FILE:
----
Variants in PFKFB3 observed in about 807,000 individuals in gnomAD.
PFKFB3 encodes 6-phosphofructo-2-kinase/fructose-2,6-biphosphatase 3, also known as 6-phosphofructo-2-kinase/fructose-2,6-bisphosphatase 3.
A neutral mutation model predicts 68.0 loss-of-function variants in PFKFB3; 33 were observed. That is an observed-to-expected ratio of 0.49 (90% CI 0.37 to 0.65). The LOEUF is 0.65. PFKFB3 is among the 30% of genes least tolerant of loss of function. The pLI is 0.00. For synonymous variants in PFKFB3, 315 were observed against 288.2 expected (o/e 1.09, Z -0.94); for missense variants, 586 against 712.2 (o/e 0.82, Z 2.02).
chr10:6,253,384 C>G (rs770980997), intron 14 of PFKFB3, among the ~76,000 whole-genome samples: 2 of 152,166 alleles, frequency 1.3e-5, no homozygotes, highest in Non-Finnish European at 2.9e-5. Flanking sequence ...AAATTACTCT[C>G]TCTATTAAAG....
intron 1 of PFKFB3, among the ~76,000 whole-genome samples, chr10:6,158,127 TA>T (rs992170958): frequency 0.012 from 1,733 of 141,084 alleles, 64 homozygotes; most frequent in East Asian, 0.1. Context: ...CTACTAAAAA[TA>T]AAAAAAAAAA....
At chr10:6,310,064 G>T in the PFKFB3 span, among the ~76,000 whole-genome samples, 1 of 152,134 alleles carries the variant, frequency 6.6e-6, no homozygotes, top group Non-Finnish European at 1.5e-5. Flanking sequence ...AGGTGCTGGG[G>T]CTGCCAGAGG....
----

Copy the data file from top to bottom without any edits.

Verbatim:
Variants in PFKFB3 observed in about 807,000 individuals in gnomAD.
PFKFB3 encodes 6-phosphofructo-2-kinase/fructose-2,6-biphosphatase 3, also known as 6-phosphofructo-2-kinase/fructose-2,6-bisphosphatase 3.
A neutral mutation model predicts 68.0 loss-of-function variants in PFKFB3; 33 were observed. That is an observed-to-expected ratio of 0.49 (90% CI 0.37 to 0.65). The LOEUF is 0.65. PFKFB3 is among the 30% of genes least tolerant of loss of function. The pLI is 0.00. For synonymous variants in PFKFB3, 315 were observed against 288.2 expected (o/e 1.09, Z -0.94); for missense variants, 586 against 712.2 (o/e 0.82, Z 2.02).
chr10:6,253,384 C>G (rs770980997), intron 14 of PFKFB3, among the ~76,000 whole-genome samples: 2 of 152,166 alleles, frequency 1.3e-5, no homozygotes, highest in Non-Finnish European at 2.9e-5. Flanking sequence ...AAATTACTCT[C>G]TCTATTAAAG....
intron 1 of PFKFB3, among the ~76,000 whole-genome samples, chr10:6,158,127 TA>T (rs992170958): frequency 0.012 from 1,733 of 141,084 alleles, 64 homozygotes; most frequent in East Asian, 0.1. Context: ...CTACTAAAAA[TA>T]AAAAAAAAAA....
At chr10:6,310,064 G>T in the PFKFB3 span, among the ~76,000 whole-genome samples, 1 of 152,134 alleles carries the variant, frequency 6.6e-6, no homozygotes, top group Non-Finnish European at 1.5e-5. Flanking sequence ...AGGTGCTGGG[G>T]CTGCCAGAGG....